“Theatre Utopia has finally produced a play that I like”: a review of Method in Madness

By - Tuesday 25th October, 2016

The third time’s the charm for Theatre Utopia and Jonny Rose

Method in Madness.
Photo by Entita Theatre, used with permission.

They did it. They finally did.

After being suckered by Stan and left bemused by Black Beauty in Irons, Theatre Utopia has finally done it – produced a play that I like.

Life imitates art, art becomes life

Method in Madness takes place in London in 1941, and follows a young Hollywood starlet (described in the programme simply as ‘the actress’) struggling to play the role of Ophelia. Yet, it is so much more than a piece of contemporary writing; incorporating Shakespeare’s text, dance and music Method in Madness serves as an innovative look at one of his most beloved heroines.

As the actress (the character, not the actress playing the actress!) struggles to bring the role of Ophelia to life she turns to method acting, having been encouraged by a fellow actor to free Ophelia from her “prison in print”. As the title suggests, it is the actress who becomes imprisoned in Ophelia’s role.

Her method acting – or is it madness? – is eerily echoed not only in her changed performance in the 1941 narrative but in the incredibly choreographed dance sequences, with the simple three moving mirrors that comprise the set, as well as the ensemble, showing her grip on reality slipping, her mind disintegrating and spiralling out of control.

Physically demanding

As plays go, I was immediately struck at just how physical Method in Madness was. This was certainly no Orton-esque farce, yet the production required the ensemble to roly-poly, barrel roll over each other, and contort themselves wildly, as they simulated passages of time, travel overseas, and even becoming furniture to be sat upon.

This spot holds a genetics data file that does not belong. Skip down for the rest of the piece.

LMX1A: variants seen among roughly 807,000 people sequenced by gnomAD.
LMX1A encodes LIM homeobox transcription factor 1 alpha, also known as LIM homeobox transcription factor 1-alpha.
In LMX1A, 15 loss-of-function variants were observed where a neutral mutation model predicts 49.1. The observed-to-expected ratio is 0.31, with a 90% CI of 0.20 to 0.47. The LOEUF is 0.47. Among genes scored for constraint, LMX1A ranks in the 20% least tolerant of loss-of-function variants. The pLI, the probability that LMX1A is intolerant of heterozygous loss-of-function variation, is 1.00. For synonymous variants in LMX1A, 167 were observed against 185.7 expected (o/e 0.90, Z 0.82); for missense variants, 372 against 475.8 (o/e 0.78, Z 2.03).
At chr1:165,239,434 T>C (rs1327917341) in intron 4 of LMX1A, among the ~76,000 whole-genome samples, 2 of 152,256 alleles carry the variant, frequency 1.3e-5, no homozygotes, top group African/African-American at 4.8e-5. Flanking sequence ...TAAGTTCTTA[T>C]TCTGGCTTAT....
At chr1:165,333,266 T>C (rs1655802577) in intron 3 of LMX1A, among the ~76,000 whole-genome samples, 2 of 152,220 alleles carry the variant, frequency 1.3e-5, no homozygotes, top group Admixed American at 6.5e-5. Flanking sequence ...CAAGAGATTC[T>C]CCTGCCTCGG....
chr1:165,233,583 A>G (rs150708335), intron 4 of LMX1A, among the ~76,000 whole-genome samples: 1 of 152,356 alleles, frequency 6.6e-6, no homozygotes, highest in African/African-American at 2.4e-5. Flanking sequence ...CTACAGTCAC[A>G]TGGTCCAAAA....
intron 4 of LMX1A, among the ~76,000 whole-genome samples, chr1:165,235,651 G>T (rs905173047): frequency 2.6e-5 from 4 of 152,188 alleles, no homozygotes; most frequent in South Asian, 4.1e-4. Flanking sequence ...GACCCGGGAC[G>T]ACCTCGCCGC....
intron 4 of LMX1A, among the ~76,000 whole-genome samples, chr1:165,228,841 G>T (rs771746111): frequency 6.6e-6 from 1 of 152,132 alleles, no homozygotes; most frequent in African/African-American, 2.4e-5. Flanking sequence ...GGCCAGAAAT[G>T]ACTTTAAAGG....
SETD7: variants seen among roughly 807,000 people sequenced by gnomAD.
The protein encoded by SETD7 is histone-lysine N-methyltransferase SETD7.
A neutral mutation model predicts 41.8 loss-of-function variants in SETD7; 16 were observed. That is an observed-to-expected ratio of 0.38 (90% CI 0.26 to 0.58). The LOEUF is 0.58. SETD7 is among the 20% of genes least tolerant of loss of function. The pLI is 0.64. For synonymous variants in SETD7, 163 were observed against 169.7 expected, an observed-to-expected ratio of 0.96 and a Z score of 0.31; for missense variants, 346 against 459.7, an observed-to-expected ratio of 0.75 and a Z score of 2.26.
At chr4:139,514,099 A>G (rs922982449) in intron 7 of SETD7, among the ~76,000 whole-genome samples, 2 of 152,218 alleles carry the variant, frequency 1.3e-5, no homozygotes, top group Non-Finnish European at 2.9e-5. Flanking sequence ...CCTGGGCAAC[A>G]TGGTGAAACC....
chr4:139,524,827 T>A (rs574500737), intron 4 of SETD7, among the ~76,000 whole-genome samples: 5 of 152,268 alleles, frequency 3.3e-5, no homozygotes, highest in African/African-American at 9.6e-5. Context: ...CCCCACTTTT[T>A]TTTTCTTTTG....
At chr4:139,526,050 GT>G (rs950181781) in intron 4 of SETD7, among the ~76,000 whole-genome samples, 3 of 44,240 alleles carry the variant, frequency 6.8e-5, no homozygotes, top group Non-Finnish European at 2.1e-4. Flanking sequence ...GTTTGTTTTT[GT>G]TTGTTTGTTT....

Three mirror frames were onstage at all times, and were periodically moved around in concert, as the other actors looked through them at the actress. Ultimately, this provided a neat device whereby the actor on the other side could ‘reflect’ back the Ophelia character which the actress was trying to embody.

The actress’s descent into madness was accompanied by sterling performances from a hammy and predatory director, an avuncular older actor, and an irascible younger actor whose boorish demeanour revealed a man plagued by his decision not to fight in the war like other men his age. Their scenes of shallow thespian concerns and arguments over how ‘the Bard’ wanted his characters realised were punctuated by moments of the actress’s southern belle mother reading letters aloud, praying that her daughter would come home safely.

A feast for the eyes – and ears

It’s notable then that the true star of the show wasn’t even in the room. The music of Laura Marling is absolutely gorgeous – and I say this as someone who has little time for acoustic music or angsty songstresses. Lush and affecting, her sonorous tone and delightful choice of chords created a welcoming soundtrack that permeated the entire play.

The true star of the show wasn’t even in the room

It’s no surprise that Marling’s music was so perfectly interwoven into proceedings: certain scenes actually saw the actors miming the lyrics suggesting that in fact, some – if not all – of Method in Madness was inspired by her work.

Yet Marling’s music wasn’t the only sound that moved me during the performance. Periodically, the practising performers would be interrupted and forced to stop by air raid sirens – ominously conjured up from the mouths of actresses sitting on the edges of the stage. Serving as a reminder that although art and theatre may offer momentary escapism for both the audience and the performer, cold hard reality always has a way of breaking in.

Method in Madness was a triumph. Not just for the Entita Theatre troupe that wrote and performed the play, but also for Jamal Chong, the owner of Theatre Utopia in Matthews Yard, who continues to bring critically-acclaimed fringe and independent theatre to Croydon. Theatre Utopia is an inexpensive treat that is keeping independent theatre alive in Croydon. Support it with your custom.

Jonny Rose

Jonny Rose

Jonny Rose is a committed Christian who has lived in the Croydon area for nearly twenty years. He is an active participant in his local community, serving at Grace Vineyard Church and organising Purley Breakfast Club, and was ranked "Croydon's 37th most powerful person" by the Croydon Advertiser (much to his amusement). He owns a lead generation company. He is the Head of Content at marketing technology company Idio, the founder of the Croydon Tech City movement, a LinkedIn coach, and creator of Croydon's first fashion label, Croydon Vs The World. Working on Instagram training and a Linkedin lead generation service. Views are his own, but it would be best for all concerned if you shared them. Please send your fanmail to: jonnyrose1 (at) gmail (dot) com

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